Why the Olympic Games Social Media Policy Failed

Guest point by Eric Schwartzman (@ericschwartzman) on why he believes the Social Media Policy at the 2012 London Olympics failed

First off, social media could have at least partially erased the advantage that some state-sponsored “full-time amateur athletes” from Eastern Bloc countries enjoy over self-financed amateurs from Western countries. But unfortunately the social media gag order by the IOC neutered that chance by restricting athletes from sharing posts that mention their sponsors on Facebook, Twitter, or anywhere else online. Here’s the clause:

“Participants and other accredited persons are not permitted to promote any brand, product or service within a posting, blog or tweet…” [PDF]

Since state-funded athletes don’t need to raise money from private enterprise to support their Olympic bids, social media could have given those who do a way to rally funds.

The financial pressure on US Olympians is no joke. The parents of Gabby Douglas and Ryan Lochte both filed for bankruptcy recently, crushed under the immense financial sacrifice it took to get their children to the Olympic Games. Recognizing the contributions of their sponsors via social media might have offered some relief. But Rule 40 erased that possibility.

The Track & Field Athletes Association, Olympians and fans have been protesting the policy by including the hastags #rule40 and #WeDemandChange in their tweets. Above is an image Olympic medalist Dawn Harper tweeted to protest the gag order.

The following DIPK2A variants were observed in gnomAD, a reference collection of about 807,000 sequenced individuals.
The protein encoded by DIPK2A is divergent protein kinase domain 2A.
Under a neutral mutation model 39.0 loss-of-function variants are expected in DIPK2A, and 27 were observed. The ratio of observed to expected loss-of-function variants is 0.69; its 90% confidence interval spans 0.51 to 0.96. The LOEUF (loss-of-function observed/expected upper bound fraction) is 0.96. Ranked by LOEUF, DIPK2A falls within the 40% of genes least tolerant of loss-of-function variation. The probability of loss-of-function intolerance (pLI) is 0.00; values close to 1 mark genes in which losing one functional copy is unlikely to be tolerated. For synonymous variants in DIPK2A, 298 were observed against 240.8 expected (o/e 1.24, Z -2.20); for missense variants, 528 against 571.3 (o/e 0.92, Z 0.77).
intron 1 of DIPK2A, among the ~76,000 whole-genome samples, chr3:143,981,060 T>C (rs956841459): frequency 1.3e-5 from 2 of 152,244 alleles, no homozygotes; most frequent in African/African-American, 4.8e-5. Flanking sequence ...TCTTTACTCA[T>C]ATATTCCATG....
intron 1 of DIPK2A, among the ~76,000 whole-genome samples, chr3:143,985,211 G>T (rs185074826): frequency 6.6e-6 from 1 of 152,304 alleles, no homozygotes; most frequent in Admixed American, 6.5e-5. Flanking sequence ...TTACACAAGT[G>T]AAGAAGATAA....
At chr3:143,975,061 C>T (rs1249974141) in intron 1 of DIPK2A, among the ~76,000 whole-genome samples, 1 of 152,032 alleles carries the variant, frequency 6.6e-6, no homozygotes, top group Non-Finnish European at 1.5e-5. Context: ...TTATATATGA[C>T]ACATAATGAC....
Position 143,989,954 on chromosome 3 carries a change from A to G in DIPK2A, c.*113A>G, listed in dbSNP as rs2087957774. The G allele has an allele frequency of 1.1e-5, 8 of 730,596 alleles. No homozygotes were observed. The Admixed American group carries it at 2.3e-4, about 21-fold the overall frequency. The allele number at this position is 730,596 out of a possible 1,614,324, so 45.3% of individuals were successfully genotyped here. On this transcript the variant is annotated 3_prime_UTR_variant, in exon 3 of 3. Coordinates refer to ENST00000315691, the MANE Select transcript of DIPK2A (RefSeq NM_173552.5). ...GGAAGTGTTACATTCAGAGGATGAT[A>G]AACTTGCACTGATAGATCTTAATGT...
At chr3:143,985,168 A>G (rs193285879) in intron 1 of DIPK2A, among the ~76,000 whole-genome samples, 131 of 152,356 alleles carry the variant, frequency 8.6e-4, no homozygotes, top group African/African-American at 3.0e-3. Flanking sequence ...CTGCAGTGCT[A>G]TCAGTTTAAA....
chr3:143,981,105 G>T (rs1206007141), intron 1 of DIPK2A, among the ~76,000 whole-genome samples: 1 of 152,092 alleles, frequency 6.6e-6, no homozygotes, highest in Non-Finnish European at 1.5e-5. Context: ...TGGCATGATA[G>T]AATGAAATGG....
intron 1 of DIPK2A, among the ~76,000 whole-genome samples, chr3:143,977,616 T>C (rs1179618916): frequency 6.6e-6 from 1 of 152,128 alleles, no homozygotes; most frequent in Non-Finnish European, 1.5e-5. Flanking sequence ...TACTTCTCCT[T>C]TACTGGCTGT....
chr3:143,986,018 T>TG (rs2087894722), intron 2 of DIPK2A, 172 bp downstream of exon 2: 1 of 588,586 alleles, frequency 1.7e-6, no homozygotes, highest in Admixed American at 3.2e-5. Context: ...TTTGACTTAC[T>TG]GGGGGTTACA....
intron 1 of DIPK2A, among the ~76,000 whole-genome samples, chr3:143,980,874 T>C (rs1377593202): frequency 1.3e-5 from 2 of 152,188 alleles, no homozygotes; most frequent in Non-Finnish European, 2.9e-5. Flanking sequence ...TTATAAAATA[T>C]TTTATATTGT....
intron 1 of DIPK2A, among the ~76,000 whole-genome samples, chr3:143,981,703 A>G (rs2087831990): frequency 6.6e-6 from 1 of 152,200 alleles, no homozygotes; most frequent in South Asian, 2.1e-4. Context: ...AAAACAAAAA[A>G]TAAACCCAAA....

What’s backwards is the premise of the rule, which assumes that if athletes use social media to promote their own sponsors, official Olympic sponsors and rights holding broadcasters will lose. This is second reason the effort failed. It assumed that the media landscape is a zero sum game and that the absence of unofficial sponsors in social media would be a gain for official sponsors in mainstream media.

But as we seen, social media drives traffic to owned media, increasing the number of eyeballs broadcasters have to sell to paid media.

As veteran reporter Suzanne Vranica wrote in a story about the impact of social media on ratings:

“There have been plenty of negative hashtags assigned to NBC’s Olympics coverage on Twitter, including #NBCFail and #NBCStinks. But on Madison Avenue the hashtag for this Olympics so far is more like: #NBC$$$$.”

The take away is this. Social media doesn’t replace mainstream media. It drives mind share. More mind share equals more viewers. And more viewers means more value for official sponsors and broadcasters. What the IOC failed to appreciate is that tweets, blogs and mobile videos don’t cannibalize prime time viewership. They complement it.

To be fair, the IOC’s social media policy is certainly no anomaly. According to the National Labor Relations Board, most social media policies in the US are unlawful. Rule 40 is just one of many shortsighted gaffes that digitally illiterate gatekeepers from a bygone era have concocted to try and police the digital world by analog standards. Which brings me to the third, and final reason the social media policy at the London Olympics failed.

In the US, we enjoy freedom of speech. When organizations restrict that freedom they provoke real hate, and that hatred severely tarnish their brand. Social media policies govern personal expression and many regard personal expression as a natural right.